Problem is, just because a retirement calculator lets you plug in a higher rate of return or a more aggressive stocks-bonds mix, doesn’t mean that loftier gains will actually materialize. Shooting for higher returns always involves taking on more risk, which raises the possibility that your aggressive investing strategy could backfire and leave you with a smaller nest egg than you expected. That can be especially dangerous when you’re on the verge of retirement.

For example, just prior to the financial crisis, nearly one in four pre-retirees had more than 90% of their 401(k)s in stocks. A pre-retiree with a $1 million retirement account invested 90% in stocks and 10% in bonds would have suffered a loss in 2008 of roughly 33%, reducing its value to $670,000—enough of a drop to require seriously scaling back retirement plans if not postponing them altogether. No one knows whether recent market turbulence will be a prelude to a similar meltdown. But anyone who has his retirement savings invested in a high-octane stocks-bonds mix, clearly runs the risk of a experiencing a significant setback.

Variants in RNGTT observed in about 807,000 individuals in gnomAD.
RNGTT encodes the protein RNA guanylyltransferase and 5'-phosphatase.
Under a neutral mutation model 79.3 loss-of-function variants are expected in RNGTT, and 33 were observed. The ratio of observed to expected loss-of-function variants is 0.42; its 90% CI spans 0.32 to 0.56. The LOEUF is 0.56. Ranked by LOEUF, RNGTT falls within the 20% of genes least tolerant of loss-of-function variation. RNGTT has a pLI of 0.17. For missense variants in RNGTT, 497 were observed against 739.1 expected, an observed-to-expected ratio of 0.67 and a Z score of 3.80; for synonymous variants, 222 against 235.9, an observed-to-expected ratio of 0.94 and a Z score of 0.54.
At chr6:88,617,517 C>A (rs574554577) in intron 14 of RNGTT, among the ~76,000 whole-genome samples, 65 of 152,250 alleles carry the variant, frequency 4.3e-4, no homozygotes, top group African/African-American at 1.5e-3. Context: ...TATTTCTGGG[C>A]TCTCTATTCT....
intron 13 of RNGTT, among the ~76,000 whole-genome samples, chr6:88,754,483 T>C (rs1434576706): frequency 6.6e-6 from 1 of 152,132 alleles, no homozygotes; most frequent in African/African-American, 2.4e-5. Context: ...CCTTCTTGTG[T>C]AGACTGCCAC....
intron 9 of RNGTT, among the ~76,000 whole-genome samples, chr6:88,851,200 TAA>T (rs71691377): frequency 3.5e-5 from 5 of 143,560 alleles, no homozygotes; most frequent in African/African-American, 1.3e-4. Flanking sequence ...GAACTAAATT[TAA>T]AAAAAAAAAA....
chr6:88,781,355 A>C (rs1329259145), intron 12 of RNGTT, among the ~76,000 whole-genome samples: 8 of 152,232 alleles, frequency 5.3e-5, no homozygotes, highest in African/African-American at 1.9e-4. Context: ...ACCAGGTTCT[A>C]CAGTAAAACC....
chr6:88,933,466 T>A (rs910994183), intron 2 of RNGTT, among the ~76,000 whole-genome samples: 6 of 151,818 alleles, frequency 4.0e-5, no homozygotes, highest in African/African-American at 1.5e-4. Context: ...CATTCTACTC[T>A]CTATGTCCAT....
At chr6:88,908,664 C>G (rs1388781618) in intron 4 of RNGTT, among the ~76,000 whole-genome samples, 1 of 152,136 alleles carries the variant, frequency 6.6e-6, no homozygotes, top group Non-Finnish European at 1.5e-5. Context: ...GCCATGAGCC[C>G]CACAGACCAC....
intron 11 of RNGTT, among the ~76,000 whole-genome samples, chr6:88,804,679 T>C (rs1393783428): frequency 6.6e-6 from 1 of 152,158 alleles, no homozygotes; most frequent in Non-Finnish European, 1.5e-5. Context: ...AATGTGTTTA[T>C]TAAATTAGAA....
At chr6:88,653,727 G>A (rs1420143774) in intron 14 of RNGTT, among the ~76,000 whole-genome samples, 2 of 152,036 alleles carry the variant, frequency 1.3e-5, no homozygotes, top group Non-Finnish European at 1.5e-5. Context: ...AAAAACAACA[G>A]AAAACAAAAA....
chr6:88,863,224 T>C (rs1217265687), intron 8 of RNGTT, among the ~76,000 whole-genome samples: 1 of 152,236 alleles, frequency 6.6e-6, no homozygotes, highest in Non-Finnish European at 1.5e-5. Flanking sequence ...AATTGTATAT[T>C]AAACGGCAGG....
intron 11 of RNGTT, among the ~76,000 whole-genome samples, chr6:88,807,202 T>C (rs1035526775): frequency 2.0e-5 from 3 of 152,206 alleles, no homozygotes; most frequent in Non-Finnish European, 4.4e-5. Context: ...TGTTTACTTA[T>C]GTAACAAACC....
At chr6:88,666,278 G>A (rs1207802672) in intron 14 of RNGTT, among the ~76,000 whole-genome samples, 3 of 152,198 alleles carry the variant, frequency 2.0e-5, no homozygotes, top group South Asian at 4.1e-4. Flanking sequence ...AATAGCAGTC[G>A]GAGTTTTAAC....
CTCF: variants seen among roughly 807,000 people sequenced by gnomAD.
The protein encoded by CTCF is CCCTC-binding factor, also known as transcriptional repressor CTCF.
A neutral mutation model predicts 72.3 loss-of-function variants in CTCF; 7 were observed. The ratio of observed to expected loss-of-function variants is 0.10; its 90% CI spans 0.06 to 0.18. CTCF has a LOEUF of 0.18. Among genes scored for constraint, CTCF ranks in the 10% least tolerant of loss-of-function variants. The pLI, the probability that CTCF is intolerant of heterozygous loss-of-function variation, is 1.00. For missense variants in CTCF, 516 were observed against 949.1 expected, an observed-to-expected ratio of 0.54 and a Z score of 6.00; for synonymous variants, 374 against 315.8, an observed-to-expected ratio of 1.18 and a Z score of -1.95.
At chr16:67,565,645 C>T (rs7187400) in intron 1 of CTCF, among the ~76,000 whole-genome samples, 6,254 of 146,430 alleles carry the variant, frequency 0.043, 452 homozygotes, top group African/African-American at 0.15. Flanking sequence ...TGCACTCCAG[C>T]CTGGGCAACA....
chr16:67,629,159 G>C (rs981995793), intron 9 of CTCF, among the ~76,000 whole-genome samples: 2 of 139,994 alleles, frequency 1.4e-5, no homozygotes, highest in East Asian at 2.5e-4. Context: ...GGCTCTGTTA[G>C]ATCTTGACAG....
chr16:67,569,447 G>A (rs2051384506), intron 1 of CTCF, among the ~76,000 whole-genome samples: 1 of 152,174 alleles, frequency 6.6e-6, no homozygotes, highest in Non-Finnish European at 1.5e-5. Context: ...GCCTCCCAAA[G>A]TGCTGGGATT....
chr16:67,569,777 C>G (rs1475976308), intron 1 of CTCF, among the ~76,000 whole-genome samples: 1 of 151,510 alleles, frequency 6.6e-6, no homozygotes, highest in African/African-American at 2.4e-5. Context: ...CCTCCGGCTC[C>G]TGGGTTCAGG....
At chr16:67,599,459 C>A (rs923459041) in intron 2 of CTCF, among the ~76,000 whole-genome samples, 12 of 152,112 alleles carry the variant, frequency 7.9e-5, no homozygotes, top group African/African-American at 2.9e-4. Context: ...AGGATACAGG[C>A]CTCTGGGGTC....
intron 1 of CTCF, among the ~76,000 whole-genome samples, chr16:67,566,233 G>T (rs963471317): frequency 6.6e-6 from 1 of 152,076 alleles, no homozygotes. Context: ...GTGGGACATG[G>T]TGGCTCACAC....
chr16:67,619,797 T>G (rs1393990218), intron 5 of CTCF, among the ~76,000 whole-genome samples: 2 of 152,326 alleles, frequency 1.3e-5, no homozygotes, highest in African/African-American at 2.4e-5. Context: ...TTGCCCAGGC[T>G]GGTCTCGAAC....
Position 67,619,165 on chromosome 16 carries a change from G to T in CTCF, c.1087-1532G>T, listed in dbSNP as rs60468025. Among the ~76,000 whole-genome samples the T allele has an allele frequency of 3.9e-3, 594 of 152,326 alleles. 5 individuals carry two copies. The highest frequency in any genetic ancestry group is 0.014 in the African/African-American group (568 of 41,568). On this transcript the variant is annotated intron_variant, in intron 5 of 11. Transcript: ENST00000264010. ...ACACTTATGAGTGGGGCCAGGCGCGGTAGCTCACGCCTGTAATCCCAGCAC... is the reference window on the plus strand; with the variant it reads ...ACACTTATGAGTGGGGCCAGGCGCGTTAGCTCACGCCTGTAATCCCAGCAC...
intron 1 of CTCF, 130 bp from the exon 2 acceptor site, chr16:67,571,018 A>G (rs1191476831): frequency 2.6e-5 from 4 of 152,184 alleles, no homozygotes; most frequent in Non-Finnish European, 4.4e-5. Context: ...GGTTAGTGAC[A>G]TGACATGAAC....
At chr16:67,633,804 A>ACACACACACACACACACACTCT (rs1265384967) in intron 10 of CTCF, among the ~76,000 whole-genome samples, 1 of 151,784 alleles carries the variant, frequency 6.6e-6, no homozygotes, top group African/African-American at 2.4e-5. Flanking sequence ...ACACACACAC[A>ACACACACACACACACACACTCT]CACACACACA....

A better strategy when creating your retirement plan is to keep your return assumptions modest and focus instead on saving as much as you can. That way, you’re not as dependent on investment returns to build an adequate nest egg. To see how different savings rates and stocks-bonds mixes can affect your chances of achieving a secure retirement, check out the Retirement Income Calculator in RDR’s Retirement Toolbox.

2. Factoring pay from a retirement job into your planning. It’s almost become a cliche. Virtually every survey asking pre-retirees what they plan to do in retirement shows that the overwhelming majority plan to work. Indeed, a recent Merrill Lynch survey found that nearly three out of four people over 50 said their ideal retirement would include working. Which is fine. Staying connected to the work world in some way can not only offer financial benefits, it can also keep retirees more active and socially engaged.